Helpful tip: If you are here with youngsters, visit the Sequoyah Birthplace Museum first. The information presented here requires more focus than other activities at Fort Loudoun.
3. Big Ridge State Park
Location: 1015 Big Ridge Park Rd, Maynardville, TN 37807
Big Ridge State Park is about an hour and a half northwest of Gatlinburg and is a 3,687-acre park with three beautiful mountain ridges separated by adjacent streams.
Big Ridge also shares a shorefront with Norris Lake. The recreational activities here are endless, from camping to hiking, fishing, and swimming.
Hiking in the area takes you past old cemeteries, even older roads, and remnants of early pioneer settlements. The park is also home to ancient structures determined to be (most likely) from the Mississippian period (c. 1000-1500 AD).
Helpful tip: Big Ridge State Park holds special events, painting and soap-making classes, ghost tours along Ghost House Loop Trail, and an annual Bluegrass Festival. Visit the Big Ridge State Park FB page for more details.
4. Panther Creek State Park
Location: 2010 Panther Creek Park Rd, Morristown, TN 37814
Panther Creek State Park on the Cherokee Reservoir in the Holston River Valley is just about an hour north of the mountain resort community.
Panther Creek and its springs are a landmark for one of the earliest settlements in the region; before the pioneers’ arrival in 1785, Native Americans were drawn to the springs and the area’s other natural resources.
Activities at the park include camping, hiking, biking, and birding. You can enjoy fishing, swimming, and boating on Cherokee Lake.
There’s also an 18 hole disc golf course. Point Look-Out Loop Trail is a moderate hike with trails to a scenic view of the lake and its islands and a sandy, secluded beach.
Interesting fact: Early settlers named it Panther Creek after a panther was (allegedly) killed here. Were there panthers in Tennessee? That question is still up for debate. One possible answer—since cougars were once predators in this region and cougars go by other names (puma, painter, mountain lion, and panther), it’s entirely possible the captured cat was a cougar and called a panther.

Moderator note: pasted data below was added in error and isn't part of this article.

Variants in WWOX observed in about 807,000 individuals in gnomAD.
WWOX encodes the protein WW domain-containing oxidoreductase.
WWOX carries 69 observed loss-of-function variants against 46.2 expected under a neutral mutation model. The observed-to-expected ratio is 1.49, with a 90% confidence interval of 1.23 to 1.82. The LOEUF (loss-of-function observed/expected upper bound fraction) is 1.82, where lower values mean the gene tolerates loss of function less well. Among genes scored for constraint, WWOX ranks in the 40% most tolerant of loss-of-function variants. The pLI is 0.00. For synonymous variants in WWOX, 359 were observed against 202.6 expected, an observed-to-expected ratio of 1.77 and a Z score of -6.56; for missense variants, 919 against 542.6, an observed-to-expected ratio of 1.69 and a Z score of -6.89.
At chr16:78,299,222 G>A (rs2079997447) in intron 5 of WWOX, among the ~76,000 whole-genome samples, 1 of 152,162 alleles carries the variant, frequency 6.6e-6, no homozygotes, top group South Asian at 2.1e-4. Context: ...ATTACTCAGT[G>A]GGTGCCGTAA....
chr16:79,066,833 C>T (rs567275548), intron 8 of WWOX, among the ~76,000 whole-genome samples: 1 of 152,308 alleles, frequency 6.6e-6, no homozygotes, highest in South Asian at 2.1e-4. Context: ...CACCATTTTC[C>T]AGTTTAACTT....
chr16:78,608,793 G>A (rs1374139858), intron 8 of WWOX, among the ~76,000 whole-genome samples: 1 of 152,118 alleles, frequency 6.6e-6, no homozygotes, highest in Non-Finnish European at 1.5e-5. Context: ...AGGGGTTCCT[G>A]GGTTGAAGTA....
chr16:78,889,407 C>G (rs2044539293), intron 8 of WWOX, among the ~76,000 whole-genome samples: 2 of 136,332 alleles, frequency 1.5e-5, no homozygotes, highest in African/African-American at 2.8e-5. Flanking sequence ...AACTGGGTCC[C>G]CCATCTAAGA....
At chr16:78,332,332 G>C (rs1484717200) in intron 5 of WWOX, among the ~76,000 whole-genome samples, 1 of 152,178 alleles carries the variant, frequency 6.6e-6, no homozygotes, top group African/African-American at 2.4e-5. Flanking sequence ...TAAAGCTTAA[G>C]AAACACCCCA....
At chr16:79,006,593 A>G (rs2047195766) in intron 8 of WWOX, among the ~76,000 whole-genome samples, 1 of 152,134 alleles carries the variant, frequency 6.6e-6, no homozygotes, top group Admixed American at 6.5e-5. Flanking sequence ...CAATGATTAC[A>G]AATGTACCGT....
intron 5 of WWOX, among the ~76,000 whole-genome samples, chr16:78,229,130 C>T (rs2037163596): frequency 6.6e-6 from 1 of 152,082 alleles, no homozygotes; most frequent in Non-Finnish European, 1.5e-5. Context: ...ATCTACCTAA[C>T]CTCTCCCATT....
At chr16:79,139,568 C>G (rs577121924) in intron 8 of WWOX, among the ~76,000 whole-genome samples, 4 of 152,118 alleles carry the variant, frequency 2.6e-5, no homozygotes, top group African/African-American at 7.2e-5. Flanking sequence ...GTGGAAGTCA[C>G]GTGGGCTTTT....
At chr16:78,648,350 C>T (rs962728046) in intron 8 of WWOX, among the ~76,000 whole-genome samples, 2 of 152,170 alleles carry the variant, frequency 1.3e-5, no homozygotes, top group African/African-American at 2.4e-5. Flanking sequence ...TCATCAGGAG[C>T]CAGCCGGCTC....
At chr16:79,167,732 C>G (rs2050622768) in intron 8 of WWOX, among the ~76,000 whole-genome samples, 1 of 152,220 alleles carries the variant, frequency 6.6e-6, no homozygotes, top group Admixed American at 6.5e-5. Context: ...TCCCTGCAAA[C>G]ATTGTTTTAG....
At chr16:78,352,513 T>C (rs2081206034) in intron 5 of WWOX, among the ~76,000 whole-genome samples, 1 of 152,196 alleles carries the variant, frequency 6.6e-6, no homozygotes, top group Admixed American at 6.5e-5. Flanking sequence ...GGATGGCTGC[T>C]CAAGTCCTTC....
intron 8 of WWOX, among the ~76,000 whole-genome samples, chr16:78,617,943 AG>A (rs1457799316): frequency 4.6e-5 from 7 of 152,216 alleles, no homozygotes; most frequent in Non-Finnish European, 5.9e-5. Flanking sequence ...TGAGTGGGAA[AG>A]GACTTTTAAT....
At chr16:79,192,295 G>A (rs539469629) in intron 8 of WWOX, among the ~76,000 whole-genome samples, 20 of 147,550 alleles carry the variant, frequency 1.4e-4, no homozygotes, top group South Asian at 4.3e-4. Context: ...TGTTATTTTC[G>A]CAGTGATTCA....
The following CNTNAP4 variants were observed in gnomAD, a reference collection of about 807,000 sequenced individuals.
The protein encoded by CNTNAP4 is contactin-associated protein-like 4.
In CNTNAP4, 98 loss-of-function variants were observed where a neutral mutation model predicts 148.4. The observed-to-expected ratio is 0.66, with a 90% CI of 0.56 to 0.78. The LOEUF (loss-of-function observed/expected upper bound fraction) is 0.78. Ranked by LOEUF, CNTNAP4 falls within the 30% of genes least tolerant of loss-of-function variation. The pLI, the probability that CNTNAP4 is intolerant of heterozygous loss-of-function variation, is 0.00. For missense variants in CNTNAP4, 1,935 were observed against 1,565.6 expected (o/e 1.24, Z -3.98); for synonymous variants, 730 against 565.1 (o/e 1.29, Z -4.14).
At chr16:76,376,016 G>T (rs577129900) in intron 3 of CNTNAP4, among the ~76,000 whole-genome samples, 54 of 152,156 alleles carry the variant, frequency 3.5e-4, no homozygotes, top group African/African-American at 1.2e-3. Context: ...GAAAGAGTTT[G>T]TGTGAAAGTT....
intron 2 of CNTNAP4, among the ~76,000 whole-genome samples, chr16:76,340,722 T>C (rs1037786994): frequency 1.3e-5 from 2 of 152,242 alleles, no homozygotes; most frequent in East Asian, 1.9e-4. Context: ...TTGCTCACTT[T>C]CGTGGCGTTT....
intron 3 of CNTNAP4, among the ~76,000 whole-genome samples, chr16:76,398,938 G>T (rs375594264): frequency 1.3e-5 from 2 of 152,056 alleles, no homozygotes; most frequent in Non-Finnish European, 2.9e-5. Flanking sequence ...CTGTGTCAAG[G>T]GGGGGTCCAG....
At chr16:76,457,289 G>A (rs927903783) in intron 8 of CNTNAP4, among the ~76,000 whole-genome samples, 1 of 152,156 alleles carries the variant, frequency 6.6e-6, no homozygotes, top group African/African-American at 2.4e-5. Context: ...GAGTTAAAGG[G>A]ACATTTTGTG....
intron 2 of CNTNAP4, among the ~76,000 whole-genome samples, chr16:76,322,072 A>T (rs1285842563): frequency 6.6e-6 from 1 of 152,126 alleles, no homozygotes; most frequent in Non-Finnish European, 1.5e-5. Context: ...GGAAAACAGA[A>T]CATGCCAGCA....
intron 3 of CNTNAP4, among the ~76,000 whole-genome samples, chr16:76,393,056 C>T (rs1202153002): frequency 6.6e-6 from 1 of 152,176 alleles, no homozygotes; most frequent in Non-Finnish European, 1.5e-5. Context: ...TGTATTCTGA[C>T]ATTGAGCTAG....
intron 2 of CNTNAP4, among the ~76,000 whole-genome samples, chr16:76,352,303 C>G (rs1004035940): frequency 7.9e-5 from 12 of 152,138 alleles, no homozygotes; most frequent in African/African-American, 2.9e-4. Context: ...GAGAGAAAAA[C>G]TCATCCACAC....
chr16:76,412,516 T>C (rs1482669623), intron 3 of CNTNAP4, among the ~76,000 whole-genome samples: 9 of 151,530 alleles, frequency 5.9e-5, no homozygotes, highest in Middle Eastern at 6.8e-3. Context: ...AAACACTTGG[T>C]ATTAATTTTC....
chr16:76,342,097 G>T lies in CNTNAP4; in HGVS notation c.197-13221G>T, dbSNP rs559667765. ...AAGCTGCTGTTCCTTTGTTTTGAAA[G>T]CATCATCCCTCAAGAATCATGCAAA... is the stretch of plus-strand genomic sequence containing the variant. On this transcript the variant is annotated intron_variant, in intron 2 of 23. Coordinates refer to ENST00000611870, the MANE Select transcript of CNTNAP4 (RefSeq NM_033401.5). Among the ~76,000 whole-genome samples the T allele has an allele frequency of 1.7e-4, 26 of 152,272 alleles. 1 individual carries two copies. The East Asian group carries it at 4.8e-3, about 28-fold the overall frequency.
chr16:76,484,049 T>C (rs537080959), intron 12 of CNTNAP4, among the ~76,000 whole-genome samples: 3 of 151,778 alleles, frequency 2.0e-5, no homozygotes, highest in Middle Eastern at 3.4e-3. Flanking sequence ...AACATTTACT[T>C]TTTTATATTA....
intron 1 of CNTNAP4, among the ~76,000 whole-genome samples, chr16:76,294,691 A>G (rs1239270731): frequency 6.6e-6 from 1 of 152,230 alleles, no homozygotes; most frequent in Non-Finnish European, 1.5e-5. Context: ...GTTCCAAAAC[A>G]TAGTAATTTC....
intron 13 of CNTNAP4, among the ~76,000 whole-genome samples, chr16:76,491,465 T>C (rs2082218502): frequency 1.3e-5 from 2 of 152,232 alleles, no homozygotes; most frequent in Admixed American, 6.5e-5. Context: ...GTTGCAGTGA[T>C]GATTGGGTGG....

5. Warrior’s Path State Park
Location: 490 Hemlock Rd, Kingsport, TN 37663
About two hours northeast of Gatlinburg is Warrior’s Path State Park, named for the Great Cherokee War and Trading Path.
The park is the only Tennessee state park with a Boundless Playground; children of all abilities can play in this interactive, inclusive playground. And there’s a stellar “internationally-renowned mountain bike trail system.”
Warrior’s Path is on the Patrick Henry Reservoir located along the Holston River, with all sorts of water sports from boating to angling. An 18-hole golf course and a 22-hole disc golf course round out the activities.
Helpful tip: A really exciting activity for the youngsters at Warrior’s Path is to become a citizen scientist and discover all the different dragonflies and damselflies in the park. Document all dragonflies and damsels that you see for the All Taxa Biodiversity Inventory (ATBI), an ongoing project to document all the species in state parks. Here’s information and a checklist.